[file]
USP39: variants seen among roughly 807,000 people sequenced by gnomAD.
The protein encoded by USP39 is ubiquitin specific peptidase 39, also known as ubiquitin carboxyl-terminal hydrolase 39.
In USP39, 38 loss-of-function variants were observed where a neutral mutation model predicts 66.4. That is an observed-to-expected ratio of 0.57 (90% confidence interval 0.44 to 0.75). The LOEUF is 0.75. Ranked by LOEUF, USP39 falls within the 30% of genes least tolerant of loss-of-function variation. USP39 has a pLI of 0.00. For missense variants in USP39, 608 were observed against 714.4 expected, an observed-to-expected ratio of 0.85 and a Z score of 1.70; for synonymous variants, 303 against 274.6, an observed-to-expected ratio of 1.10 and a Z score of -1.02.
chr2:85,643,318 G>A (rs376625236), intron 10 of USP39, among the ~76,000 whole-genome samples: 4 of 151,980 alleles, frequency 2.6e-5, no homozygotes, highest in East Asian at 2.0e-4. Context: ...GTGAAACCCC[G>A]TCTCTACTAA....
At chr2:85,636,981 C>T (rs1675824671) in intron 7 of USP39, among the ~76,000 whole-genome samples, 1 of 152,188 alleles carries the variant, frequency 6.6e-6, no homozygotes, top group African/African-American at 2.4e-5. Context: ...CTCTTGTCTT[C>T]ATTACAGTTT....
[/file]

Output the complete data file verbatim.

USP39: variants seen among roughly 807,000 people sequenced by gnomAD.
The protein encoded by USP39 is ubiquitin specific peptidase 39, also known as ubiquitin carboxyl-terminal hydrolase 39.
In USP39, 38 loss-of-function variants were observed where a neutral mutation model predicts 66.4. That is an observed-to-expected ratio of 0.57 (90% confidence interval 0.44 to 0.75). The LOEUF is 0.75. Ranked by LOEUF, USP39 falls within the 30% of genes least tolerant of loss-of-function variation. USP39 has a pLI of 0.00. For missense variants in USP39, 608 were observed against 714.4 expected, an observed-to-expected ratio of 0.85 and a Z score of 1.70; for synonymous variants, 303 against 274.6, an observed-to-expected ratio of 1.10 and a Z score of -1.02.
chr2:85,643,318 G>A (rs376625236), intron 10 of USP39, among the ~76,000 whole-genome samples: 4 of 151,980 alleles, frequency 2.6e-5, no homozygotes, highest in East Asian at 2.0e-4. Context: ...GTGAAACCCC[G>A]TCTCTACTAA....
At chr2:85,636,981 C>T (rs1675824671) in intron 7 of USP39, among the ~76,000 whole-genome samples, 1 of 152,188 alleles carries the variant, frequency 6.6e-6, no homozygotes, top group African/African-American at 2.4e-5. Context: ...CTCTTGTCTT[C>T]ATTACAGTTT....